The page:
Take a Drink: for little kids- beware those little shits
Take a Drink: for a nice Irish pint
Take Two: if a kid’s drinking it
Take a Drink: for the kindness of strangers
Take a Drink: for backroom planning
Take a Drink: when violence strikes unexpectedly and furiously
Do a Shot: when Hell visits Belfast
By: Henry J. Fromage (Two Beers) –
Even with Angelina Jolie’s Unbroken underwhelming pratically everybody, you can’t blame that on star Jack O’Connell, and neither does it diminish the monster year he’s had. He exploded onto the scene like a supernova with Starred Up, and Unbroken certainly will introduce him to a more mainstream audience, but in between he turned into another tour de force performance that folks Stateside will get to see early next year.
Yes, I’m referring to The Ed Helms Story
Or… ’71. O’Connell stars as a fresh-faced British soldier sent to Northern Ireland during the heart of The Troubles, when Catholic and Protestant sectionalism exploded into Syria-levels of urban warfare. When he gets separated from his unit when a routine mission goes to hell, he’s forced to navigate an unfamiliar city where practically everyone wants him dead.
This is one of the few finest action films of the year. Rookie director Yann Demange has a natural talent for creating action scenes that feel incredibly immersive and immediate, like Paul Greengrass if he stopped hiring cameramen from that palsy charity.
Michael J. Fox’s camerawork has been slipping as of late…
He and DP Tat Radcliffe stage some absolutely bravura handheld long takes, choreographed like ballet but utterly realistic, which are all the more powerful because they often strike like lightning out of a clear blue sky. Violence lurks around every corner, creating a paranoid state of mind that mirrors O’Connell’s. However, the only hope he has and aid he receives is from the kindness of strangers from both sides, and Demange does a great job emphasizing not just the absolute hell that can emerge from ideology-driven conflicts, but also the humanity that persists in the face of them.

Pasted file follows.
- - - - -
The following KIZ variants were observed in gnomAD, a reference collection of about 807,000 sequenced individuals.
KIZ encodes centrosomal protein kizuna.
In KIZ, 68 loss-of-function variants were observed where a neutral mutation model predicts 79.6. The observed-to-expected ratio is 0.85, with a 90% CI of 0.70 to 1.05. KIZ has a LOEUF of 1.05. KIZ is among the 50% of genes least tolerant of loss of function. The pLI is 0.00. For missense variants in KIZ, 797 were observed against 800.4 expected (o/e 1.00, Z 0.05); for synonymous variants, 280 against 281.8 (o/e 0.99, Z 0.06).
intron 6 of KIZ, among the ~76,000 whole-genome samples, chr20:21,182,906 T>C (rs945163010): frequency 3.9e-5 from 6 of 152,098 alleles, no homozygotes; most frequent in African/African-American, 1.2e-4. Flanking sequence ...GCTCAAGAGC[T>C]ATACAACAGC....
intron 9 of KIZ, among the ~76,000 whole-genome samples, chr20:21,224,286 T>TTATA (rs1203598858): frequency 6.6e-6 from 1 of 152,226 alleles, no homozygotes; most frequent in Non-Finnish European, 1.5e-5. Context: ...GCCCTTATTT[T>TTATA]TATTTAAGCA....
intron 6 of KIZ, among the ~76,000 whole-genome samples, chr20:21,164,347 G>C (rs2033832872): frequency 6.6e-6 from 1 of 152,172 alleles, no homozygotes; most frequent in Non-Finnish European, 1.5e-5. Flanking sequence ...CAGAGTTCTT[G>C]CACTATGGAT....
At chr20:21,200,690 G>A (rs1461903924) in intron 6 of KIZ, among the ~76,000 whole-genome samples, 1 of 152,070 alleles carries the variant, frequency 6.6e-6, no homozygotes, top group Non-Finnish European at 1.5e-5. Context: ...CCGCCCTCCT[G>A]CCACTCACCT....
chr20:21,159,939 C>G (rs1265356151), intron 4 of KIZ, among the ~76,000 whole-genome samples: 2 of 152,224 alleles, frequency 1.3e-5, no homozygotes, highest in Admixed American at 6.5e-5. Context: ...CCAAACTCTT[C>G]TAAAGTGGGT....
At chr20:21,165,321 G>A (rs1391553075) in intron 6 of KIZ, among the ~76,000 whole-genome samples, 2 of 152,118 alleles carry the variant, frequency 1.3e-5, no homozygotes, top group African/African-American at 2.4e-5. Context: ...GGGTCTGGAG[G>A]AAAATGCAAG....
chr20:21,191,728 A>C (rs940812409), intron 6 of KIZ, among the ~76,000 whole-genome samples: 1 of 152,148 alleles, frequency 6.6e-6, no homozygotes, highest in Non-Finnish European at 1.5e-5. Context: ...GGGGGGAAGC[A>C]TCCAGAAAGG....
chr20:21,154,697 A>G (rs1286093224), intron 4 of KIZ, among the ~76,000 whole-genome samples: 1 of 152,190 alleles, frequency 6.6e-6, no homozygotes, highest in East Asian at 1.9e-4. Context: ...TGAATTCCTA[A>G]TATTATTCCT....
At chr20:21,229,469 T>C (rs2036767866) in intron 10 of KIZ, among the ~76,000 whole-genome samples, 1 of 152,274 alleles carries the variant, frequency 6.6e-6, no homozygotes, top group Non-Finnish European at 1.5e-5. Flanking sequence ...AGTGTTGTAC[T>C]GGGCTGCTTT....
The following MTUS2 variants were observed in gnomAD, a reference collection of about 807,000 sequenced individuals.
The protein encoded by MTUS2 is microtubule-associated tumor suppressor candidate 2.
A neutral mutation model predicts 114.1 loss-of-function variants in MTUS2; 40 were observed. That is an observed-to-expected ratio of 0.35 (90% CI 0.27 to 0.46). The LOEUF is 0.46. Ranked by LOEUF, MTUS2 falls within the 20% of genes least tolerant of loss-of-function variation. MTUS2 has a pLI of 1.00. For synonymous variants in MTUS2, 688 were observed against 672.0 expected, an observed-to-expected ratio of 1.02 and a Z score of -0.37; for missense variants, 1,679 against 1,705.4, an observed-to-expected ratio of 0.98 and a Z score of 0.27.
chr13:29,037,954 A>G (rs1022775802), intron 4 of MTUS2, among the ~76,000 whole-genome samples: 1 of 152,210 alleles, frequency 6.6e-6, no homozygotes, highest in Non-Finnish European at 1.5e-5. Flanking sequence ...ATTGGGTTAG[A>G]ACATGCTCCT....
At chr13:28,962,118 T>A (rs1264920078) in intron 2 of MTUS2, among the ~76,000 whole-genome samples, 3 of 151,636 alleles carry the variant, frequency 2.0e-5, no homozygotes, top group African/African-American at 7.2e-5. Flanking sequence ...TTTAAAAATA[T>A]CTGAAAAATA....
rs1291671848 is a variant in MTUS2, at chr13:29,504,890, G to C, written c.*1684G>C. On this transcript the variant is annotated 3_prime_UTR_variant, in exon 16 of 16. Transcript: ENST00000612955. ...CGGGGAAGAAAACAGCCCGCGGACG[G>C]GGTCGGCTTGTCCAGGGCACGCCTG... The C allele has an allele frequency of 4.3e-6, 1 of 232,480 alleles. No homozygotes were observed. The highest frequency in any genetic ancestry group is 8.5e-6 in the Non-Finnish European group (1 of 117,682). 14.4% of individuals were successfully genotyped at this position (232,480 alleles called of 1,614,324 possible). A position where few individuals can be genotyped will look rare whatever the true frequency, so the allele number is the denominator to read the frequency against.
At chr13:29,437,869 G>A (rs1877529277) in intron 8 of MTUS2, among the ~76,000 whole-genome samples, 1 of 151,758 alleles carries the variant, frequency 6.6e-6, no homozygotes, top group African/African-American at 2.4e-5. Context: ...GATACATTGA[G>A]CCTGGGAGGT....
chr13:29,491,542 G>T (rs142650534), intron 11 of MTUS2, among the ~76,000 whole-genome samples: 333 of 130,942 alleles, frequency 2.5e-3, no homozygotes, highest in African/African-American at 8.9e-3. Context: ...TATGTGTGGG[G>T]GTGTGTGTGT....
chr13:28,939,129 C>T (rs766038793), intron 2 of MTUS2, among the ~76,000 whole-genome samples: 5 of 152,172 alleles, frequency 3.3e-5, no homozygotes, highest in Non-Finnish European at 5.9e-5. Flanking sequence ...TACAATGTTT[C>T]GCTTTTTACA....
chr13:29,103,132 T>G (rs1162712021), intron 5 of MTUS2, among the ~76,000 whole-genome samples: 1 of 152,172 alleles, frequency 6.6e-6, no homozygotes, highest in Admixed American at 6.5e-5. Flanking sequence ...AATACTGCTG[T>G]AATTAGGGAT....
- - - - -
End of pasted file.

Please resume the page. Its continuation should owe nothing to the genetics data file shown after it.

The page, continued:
Acting-wise, Corey McKinley straight up steals the movie for about 15 minutes, playing a fearless stout-swilling little hardass who saves O’Connell’s bacon and beans at one point, but it’s O’Connell’s movie and he delivers. His soldier is almost another vision of how his prematurely hardened con from Starred Up could have ended up if his life had broken a different direction.
He’s a poor orphan, so it’s basically prison or the army.
He captures our empathy with a minimum of effort, then tortures us with it as we witness his nice guy persona warp under the strain of this nightmare experience. The film ends with a touch of hope, but an earlier scene of previously unwitnessed aggression adds an obsidian lining, if you will. Something small but significant’s broken inside him.
A last raise of the glass to frequent Steven Soderbergh collaborator David Holmes’s Hans Zimmer-lite score, which is the perfect propulsive accompaniment to the action.
O’Connell does a great job adding dimension to his character, but a little more on-page development would have been good before he entered the fray- he’s still a bit of a cipher. Also, the late twist with the Military Reaction Force feels more writerly than realistic, and isn’t terribly surprising as a result.
’71 is another feather in rising star Jack O’Connell’s cap, and an incredible action debut for exciting new director Yann Demange.